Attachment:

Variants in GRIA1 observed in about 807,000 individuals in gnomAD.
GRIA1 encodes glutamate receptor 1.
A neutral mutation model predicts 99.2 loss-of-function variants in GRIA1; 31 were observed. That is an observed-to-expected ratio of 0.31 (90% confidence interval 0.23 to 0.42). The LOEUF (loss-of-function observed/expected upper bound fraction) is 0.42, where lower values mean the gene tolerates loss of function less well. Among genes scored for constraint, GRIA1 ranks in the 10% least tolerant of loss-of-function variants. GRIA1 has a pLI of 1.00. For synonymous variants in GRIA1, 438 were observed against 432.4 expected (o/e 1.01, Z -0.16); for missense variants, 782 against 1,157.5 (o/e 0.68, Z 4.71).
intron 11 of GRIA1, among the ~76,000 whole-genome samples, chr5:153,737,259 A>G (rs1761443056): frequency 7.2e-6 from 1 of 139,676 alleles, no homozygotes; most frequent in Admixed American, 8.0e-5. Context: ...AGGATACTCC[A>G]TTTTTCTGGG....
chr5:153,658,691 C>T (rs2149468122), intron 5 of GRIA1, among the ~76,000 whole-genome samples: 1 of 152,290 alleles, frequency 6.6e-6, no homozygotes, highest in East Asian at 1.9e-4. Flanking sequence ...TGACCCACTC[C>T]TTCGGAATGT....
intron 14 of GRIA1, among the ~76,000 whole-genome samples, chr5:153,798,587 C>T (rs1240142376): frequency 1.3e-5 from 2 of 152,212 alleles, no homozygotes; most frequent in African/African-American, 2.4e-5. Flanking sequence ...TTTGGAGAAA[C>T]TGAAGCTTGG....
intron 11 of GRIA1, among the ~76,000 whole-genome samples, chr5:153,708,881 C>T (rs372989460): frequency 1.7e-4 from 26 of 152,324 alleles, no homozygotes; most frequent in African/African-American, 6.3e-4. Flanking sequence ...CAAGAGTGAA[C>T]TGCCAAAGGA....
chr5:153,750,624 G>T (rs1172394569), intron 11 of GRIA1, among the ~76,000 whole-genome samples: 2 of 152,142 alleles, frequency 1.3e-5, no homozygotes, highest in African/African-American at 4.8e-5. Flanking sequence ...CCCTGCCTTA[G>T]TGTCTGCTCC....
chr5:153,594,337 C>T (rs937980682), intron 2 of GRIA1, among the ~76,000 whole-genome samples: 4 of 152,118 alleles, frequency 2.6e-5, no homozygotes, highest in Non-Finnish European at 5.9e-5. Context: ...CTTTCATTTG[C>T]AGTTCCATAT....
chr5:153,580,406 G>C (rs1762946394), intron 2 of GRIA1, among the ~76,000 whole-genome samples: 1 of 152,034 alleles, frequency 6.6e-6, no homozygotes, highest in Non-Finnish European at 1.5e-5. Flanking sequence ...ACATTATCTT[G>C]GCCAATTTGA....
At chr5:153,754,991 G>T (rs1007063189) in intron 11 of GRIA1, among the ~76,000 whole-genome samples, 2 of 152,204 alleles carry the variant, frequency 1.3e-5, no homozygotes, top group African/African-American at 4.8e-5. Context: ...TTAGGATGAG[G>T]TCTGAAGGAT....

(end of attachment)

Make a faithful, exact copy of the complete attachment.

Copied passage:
Variants in GRIA1 observed in about 807,000 individuals in gnomAD.
GRIA1 encodes glutamate receptor 1.
A neutral mutation model predicts 99.2 loss-of-function variants in GRIA1; 31 were observed. That is an observed-to-expected ratio of 0.31 (90% confidence interval 0.23 to 0.42). The LOEUF (loss-of-function observed/expected upper bound fraction) is 0.42, where lower values mean the gene tolerates loss of function less well. Among genes scored for constraint, GRIA1 ranks in the 10% least tolerant of loss-of-function variants. GRIA1 has a pLI of 1.00. For synonymous variants in GRIA1, 438 were observed against 432.4 expected (o/e 1.01, Z -0.16); for missense variants, 782 against 1,157.5 (o/e 0.68, Z 4.71).
intron 11 of GRIA1, among the ~76,000 whole-genome samples, chr5:153,737,259 A>G (rs1761443056): frequency 7.2e-6 from 1 of 139,676 alleles, no homozygotes; most frequent in Admixed American, 8.0e-5. Context: ...AGGATACTCC[A>G]TTTTTCTGGG....
chr5:153,658,691 C>T (rs2149468122), intron 5 of GRIA1, among the ~76,000 whole-genome samples: 1 of 152,290 alleles, frequency 6.6e-6, no homozygotes, highest in East Asian at 1.9e-4. Flanking sequence ...TGACCCACTC[C>T]TTCGGAATGT....
intron 14 of GRIA1, among the ~76,000 whole-genome samples, chr5:153,798,587 C>T (rs1240142376): frequency 1.3e-5 from 2 of 152,212 alleles, no homozygotes; most frequent in African/African-American, 2.4e-5. Flanking sequence ...TTTGGAGAAA[C>T]TGAAGCTTGG....
intron 11 of GRIA1, among the ~76,000 whole-genome samples, chr5:153,708,881 C>T (rs372989460): frequency 1.7e-4 from 26 of 152,324 alleles, no homozygotes; most frequent in African/African-American, 6.3e-4. Flanking sequence ...CAAGAGTGAA[C>T]TGCCAAAGGA....
chr5:153,750,624 G>T (rs1172394569), intron 11 of GRIA1, among the ~76,000 whole-genome samples: 2 of 152,142 alleles, frequency 1.3e-5, no homozygotes, highest in African/African-American at 4.8e-5. Flanking sequence ...CCCTGCCTTA[G>T]TGTCTGCTCC....
chr5:153,594,337 C>T (rs937980682), intron 2 of GRIA1, among the ~76,000 whole-genome samples: 4 of 152,118 alleles, frequency 2.6e-5, no homozygotes, highest in Non-Finnish European at 5.9e-5. Context: ...CTTTCATTTG[C>T]AGTTCCATAT....
chr5:153,580,406 G>C (rs1762946394), intron 2 of GRIA1, among the ~76,000 whole-genome samples: 1 of 152,034 alleles, frequency 6.6e-6, no homozygotes, highest in Non-Finnish European at 1.5e-5. Flanking sequence ...ACATTATCTT[G>C]GCCAATTTGA....
At chr5:153,754,991 G>T (rs1007063189) in intron 11 of GRIA1, among the ~76,000 whole-genome samples, 2 of 152,204 alleles carry the variant, frequency 1.3e-5, no homozygotes, top group African/African-American at 4.8e-5. Context: ...TTAGGATGAG[G>T]TCTGAAGGAT....